Emilie du Chatelet (1706 – 1749)
Emilie du Chatelet was a great mathematician and physicist at a time when few women were encouraged to continue their education beyond learning how to read. Living in the first half of the 18th century, Emilie du Chatelet was lucky to be born into nobility to have a father that recognized her abilities and gave her a first-rate mathematical education through tutors. She continued to seek out the best tutors and thinkers of her time as mentors.
Her greatest achievements:
Emilie du Chatelet’s achievements were many. She corresponded with well known philosophers, mathematicians and physicist of her time. She contributed to our understanding of heat and light, and postulated the idea of infrared light, and put forth a hypothesis about energy that in the 19th century would be used to fully understand the conservation of energy and kinetic energy.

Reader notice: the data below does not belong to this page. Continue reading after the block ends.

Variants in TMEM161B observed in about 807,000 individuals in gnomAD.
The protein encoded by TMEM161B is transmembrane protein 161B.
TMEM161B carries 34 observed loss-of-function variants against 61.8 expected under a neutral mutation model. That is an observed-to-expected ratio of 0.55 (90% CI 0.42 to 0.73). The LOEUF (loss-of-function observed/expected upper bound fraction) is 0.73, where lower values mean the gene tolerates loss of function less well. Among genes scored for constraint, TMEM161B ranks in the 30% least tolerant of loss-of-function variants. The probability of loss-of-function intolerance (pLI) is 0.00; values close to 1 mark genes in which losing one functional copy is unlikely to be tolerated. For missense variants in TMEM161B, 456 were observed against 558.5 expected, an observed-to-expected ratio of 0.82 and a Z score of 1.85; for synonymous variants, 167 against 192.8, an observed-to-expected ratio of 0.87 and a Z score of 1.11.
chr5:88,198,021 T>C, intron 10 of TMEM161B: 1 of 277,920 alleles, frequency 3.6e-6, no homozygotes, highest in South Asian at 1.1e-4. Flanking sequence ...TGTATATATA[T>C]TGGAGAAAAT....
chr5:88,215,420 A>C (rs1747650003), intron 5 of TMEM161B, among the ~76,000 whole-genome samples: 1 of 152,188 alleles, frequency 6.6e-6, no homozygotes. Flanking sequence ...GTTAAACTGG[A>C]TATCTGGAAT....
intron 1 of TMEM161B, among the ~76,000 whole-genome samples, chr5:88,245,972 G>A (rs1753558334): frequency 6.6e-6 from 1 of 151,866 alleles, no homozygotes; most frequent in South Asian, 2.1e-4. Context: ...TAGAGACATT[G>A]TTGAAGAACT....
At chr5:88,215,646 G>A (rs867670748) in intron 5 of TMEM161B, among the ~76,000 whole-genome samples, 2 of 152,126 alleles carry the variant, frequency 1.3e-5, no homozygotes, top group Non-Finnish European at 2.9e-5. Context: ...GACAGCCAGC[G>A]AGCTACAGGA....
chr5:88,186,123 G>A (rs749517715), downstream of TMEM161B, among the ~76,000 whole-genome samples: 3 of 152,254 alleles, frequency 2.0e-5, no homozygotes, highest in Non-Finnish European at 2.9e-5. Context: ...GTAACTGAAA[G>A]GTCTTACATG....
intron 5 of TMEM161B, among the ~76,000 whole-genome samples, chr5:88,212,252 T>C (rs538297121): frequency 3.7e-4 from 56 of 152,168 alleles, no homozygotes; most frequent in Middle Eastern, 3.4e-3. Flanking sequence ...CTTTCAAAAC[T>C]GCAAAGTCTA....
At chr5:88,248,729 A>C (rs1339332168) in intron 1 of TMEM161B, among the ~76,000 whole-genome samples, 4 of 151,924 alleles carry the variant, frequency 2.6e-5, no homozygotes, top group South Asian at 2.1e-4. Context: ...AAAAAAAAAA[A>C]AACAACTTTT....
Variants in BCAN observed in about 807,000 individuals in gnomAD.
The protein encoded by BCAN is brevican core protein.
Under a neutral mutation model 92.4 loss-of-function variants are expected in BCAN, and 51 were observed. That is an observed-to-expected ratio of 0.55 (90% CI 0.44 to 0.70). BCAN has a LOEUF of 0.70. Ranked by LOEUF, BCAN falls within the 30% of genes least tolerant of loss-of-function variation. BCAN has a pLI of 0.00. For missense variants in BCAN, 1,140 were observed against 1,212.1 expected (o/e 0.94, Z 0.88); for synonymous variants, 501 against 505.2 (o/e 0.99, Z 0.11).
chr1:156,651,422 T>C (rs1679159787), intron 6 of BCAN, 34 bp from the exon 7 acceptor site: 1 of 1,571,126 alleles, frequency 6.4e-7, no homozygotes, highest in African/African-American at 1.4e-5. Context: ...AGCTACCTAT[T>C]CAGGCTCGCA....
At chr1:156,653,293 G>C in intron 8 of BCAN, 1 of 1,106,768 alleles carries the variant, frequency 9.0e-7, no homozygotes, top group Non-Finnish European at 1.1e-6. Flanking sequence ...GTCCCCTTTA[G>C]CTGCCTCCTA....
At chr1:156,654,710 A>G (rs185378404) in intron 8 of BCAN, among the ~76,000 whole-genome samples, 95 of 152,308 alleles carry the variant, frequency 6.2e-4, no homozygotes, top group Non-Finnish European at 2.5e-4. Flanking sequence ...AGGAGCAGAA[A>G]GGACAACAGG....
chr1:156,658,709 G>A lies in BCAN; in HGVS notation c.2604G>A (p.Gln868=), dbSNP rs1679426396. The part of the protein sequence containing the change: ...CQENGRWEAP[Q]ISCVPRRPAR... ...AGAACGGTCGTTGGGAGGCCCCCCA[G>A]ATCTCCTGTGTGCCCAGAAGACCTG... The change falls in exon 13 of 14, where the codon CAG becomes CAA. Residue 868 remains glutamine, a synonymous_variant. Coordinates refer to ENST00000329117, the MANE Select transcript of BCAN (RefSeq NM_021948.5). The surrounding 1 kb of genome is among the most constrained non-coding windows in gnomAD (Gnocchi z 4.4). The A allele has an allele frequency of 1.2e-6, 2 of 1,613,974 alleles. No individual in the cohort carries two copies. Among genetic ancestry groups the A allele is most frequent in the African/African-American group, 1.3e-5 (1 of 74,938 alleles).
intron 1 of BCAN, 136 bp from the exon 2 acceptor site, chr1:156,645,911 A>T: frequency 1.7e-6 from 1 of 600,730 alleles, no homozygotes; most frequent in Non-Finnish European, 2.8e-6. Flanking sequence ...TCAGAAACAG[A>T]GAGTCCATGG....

Some of her greatest achievements, however, were the translation of Isaac Newton’s Principia into French and writing her own Foundations of Physics (in French: Institutions de Physique). The commentary she included with the translation of Principia and the hypotheses and theories laid out in her own book contributed significantly to the understanding and establishment of Newtonian physics.
These sources will give you a deeper understanding of Emilie du Chatelet’s life and contributions to science: